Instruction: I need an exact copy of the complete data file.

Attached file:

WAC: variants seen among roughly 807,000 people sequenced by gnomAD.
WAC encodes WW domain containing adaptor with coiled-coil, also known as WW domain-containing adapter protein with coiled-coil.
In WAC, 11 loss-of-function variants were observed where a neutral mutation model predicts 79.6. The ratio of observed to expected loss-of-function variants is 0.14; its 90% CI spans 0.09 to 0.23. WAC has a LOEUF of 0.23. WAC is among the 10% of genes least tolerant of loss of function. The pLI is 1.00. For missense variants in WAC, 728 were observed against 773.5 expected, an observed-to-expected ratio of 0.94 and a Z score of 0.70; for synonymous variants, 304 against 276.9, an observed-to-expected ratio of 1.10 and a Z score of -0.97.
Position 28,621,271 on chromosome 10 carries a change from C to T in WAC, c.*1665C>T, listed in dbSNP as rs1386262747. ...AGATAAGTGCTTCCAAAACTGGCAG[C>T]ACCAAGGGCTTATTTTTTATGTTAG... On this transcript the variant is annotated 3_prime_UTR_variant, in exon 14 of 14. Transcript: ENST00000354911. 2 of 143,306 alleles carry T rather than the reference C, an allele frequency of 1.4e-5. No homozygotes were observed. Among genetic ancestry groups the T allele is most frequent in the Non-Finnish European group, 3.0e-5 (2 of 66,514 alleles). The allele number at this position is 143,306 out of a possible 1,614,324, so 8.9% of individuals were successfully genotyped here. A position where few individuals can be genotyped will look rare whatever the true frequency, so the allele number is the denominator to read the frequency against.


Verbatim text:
WAC: variants seen among roughly 807,000 people sequenced by gnomAD.
WAC encodes WW domain containing adaptor with coiled-coil, also known as WW domain-containing adapter protein with coiled-coil.
In WAC, 11 loss-of-function variants were observed where a neutral mutation model predicts 79.6. The ratio of observed to expected loss-of-function variants is 0.14; its 90% CI spans 0.09 to 0.23. WAC has a LOEUF of 0.23. WAC is among the 10% of genes least tolerant of loss of function. The pLI is 1.00. For missense variants in WAC, 728 were observed against 773.5 expected, an observed-to-expected ratio of 0.94 and a Z score of 0.70; for synonymous variants, 304 against 276.9, an observed-to-expected ratio of 1.10 and a Z score of -0.97.
Position 28,621,271 on chromosome 10 carries a change from C to T in WAC, c.*1665C>T, listed in dbSNP as rs1386262747. ...AGATAAGTGCTTCCAAAACTGGCAG[C>T]ACCAAGGGCTTATTTTTTATGTTAG... On this transcript the variant is annotated 3_prime_UTR_variant, in exon 14 of 14. Transcript: ENST00000354911. 2 of 143,306 alleles carry T rather than the reference C, an allele frequency of 1.4e-5. No homozygotes were observed. Among genetic ancestry groups the T allele is most frequent in the Non-Finnish European group, 3.0e-5 (2 of 66,514 alleles). The allele number at this position is 143,306 out of a possible 1,614,324, so 8.9% of individuals were successfully genotyped here. A position where few individuals can be genotyped will look rare whatever the true frequency, so the allele number is the denominator to read the frequency against.